In modern-day New York, magic is all but extinct. The remaining few who have an affinity for magic—the Mageus—live in the shadows, hiding who they are. Any Mageus who enters Manhattan becomes trapped by the Brink, a dark energy barrier that confines them to the island. Crossing it means losing their power—and often their lives.

Esta is a talented thief, and she’s been raised to steal magical artifacts from the sinister Order that created the Brink. With her innate ability to manipulate time, Esta can pilfer from the past, collecting these artifacts before the Order even realizes she’s there. And all of Esta’s training has been for one final job: traveling back to 1902 to steal an ancient book containing the secrets of the Order—and the Brink—before the Magician can destroy it and doom the Mageus to a hopeless future.

But Old New York is a dangerous world ruled by ruthless gangs and secret societies, a world where the very air crackles with magic. Nothing is as it seems, including the Magician himself. And for Esta to save her future, she may have to betray everyone in the past.

The Last Magician has been on my radar since the cover reveal months ago. After seeing it and reading the synopsis I knew it was going to be one of 2017’s most wanted/anticipated novels. And it certainly was, staying on the NYT Bestseller List for weeks! The Last Magician had a lot going for it involving magic, politics, societal issues, time-traveling, heist/con, well-thought out world building, great characters and so much more. Unlike most YA novels on the market, The Last Magician was pretty hefty in terms of page number and had a complex world-building. I thought Maxwell did an amazing job capturing New York during the 1900’s. The vivid imagery/details clearly showed the amount of time and research that went into the story. I truly felt as if I was there and that the characters were realistic, made whole/fleshed as if they were alive. I love the whole Gangs of New York feel with Magic (Yes, I know the movie is set in the 1800’s)!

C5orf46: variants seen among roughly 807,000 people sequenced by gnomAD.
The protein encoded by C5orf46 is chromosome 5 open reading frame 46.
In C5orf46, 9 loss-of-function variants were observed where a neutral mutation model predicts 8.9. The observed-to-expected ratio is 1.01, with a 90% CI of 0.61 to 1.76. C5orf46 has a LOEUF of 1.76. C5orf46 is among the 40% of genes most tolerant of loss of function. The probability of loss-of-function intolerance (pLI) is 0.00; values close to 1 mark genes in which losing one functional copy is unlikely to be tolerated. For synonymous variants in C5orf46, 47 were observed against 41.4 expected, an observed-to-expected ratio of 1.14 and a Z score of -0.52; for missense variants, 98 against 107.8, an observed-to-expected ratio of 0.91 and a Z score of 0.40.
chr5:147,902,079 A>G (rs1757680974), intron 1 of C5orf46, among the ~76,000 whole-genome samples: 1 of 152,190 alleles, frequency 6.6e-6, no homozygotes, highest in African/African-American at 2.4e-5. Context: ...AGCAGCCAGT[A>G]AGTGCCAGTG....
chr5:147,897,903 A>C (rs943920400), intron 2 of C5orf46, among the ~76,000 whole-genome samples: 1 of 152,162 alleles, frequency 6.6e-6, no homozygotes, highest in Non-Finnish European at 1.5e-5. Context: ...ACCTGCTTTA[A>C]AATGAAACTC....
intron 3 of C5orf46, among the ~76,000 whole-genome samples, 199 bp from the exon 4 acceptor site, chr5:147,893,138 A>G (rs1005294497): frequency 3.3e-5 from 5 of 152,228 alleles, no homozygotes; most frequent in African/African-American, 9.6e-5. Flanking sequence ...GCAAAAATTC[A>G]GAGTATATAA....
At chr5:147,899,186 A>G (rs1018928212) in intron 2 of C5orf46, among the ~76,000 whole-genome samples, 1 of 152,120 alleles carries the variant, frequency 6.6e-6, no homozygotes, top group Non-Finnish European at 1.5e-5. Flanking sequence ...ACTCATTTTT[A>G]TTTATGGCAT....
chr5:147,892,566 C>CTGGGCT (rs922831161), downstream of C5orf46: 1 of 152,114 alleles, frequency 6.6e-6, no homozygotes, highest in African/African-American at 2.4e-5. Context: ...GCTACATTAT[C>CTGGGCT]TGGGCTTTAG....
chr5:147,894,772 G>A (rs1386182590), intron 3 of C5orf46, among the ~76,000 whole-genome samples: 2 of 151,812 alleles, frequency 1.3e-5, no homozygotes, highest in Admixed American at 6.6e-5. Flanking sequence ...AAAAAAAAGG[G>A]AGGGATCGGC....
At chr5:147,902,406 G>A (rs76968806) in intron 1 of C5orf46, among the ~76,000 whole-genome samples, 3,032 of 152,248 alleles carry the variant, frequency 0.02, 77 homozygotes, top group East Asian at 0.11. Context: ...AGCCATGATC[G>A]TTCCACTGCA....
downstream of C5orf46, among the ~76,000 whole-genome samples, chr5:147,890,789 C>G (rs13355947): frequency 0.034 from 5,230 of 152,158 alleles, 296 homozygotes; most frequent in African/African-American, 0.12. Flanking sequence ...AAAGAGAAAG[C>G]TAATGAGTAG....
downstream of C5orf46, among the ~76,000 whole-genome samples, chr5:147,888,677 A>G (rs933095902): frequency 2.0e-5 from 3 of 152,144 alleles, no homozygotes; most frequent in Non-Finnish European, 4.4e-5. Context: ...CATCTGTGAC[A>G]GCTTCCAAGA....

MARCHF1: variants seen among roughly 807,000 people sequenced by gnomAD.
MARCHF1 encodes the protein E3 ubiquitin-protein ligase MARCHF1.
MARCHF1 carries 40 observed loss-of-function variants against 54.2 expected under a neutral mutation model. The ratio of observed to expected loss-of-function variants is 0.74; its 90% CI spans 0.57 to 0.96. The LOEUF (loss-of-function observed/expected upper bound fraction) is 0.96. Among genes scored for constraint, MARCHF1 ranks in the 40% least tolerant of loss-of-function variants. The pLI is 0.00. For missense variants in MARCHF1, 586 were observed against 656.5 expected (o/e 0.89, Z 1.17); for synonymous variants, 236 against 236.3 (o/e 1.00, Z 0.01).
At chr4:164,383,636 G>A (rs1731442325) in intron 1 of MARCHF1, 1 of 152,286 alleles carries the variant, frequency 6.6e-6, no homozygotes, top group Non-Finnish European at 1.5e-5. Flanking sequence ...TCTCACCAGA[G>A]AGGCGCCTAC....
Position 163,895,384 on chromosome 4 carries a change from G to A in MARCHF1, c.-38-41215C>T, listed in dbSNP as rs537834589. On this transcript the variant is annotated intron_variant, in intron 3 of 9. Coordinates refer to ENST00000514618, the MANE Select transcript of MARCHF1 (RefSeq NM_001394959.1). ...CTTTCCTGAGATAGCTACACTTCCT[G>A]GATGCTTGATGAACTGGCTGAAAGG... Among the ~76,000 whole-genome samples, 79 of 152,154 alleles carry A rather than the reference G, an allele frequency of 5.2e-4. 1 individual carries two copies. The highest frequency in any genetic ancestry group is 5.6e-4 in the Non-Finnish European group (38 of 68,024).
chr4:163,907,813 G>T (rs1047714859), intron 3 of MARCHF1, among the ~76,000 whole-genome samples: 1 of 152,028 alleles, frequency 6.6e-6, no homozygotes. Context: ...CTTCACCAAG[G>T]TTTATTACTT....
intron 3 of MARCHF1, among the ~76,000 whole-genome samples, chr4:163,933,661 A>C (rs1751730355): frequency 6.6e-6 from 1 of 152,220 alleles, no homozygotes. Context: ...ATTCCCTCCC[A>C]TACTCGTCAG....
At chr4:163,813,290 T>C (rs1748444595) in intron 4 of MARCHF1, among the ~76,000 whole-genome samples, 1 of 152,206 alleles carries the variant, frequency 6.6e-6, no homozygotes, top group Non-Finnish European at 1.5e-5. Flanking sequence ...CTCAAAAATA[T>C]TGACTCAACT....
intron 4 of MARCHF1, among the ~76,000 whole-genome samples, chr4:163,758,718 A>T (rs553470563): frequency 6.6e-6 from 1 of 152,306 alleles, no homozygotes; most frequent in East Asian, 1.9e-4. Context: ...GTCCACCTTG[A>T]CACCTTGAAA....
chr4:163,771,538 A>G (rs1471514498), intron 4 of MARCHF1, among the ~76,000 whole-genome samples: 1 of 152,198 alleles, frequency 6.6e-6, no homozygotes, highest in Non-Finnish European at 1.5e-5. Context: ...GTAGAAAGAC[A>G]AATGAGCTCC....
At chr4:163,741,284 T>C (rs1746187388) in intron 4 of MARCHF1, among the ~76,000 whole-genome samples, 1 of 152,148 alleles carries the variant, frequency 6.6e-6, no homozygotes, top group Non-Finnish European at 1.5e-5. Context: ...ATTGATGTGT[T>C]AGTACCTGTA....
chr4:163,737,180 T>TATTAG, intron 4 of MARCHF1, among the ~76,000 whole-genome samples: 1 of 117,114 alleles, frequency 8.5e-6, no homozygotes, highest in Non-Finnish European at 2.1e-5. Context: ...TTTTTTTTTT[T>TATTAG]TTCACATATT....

At a glance, you’d expect or assume The Last Magician to be some sort of boarding school novel with magical users dealing with adolescent issues. Nope. The Last Magician was more dark, gritty and it had a whole lot of street smarts involved. I loved Maxwell’s take on magicians and the magic system. Maegus, are those born with magical powers and are feared by the common man who put up a magical/aetheral barrier “The Brink” to severely damage/kill those who posses any hint of magic because they believed it to be evil and feral. I liked that the majority of our characters are also approximately eighteen-years-old to late twenties, and back then the times made one grow-up even quicker than they wanted to. Our heroine, Etsa is seventeen but from a young age she was taught to be a weapon, using her training and ability to make her a undetectable and uncatchable thief. I adore Etsa, she’s independent, a quick thinker, resourceful and smart. Dolph’s crew was an eclectic bunch, all Maegus of varying abilities with the common goal of taking down the order, bringing magic back to it’s former glory and to protect those that cannot protect themselves. Each member was distinctly unique and had an interesting back story that I wouldn’t mind exploring more of like; Jianyu and Viola, both related to rival gangs, but find themselves in the employment/gang of Dolph Saunder, an enigmatic character (it’d be awesome to see his rise to power, I see a story or novella in the future!)

While The Last Magician is part time-traveling, the majority of the story is set in the past in the year 1901. Which I didn’t mind, I am quite fond of this century. All in all, The Last Magician lived up to the hype and was way better than what I expected. I love everything about this book. I am so glad this is part of a duology because I wasn’t ready to say goodbye to the characters.Despite the book clocking out at over 500 page, it was a quick read that had me from the very first page! The beginning was a bit confusing jumping back and forth from the past and present, but it was a good surprise when all the thread came together. And that ending! I was so engrossed into what was happening that I didn’t even see it coming, talk about a shocker! Loved it! If you haven’t read this new series starter, go out and get it now. I highly recommend it!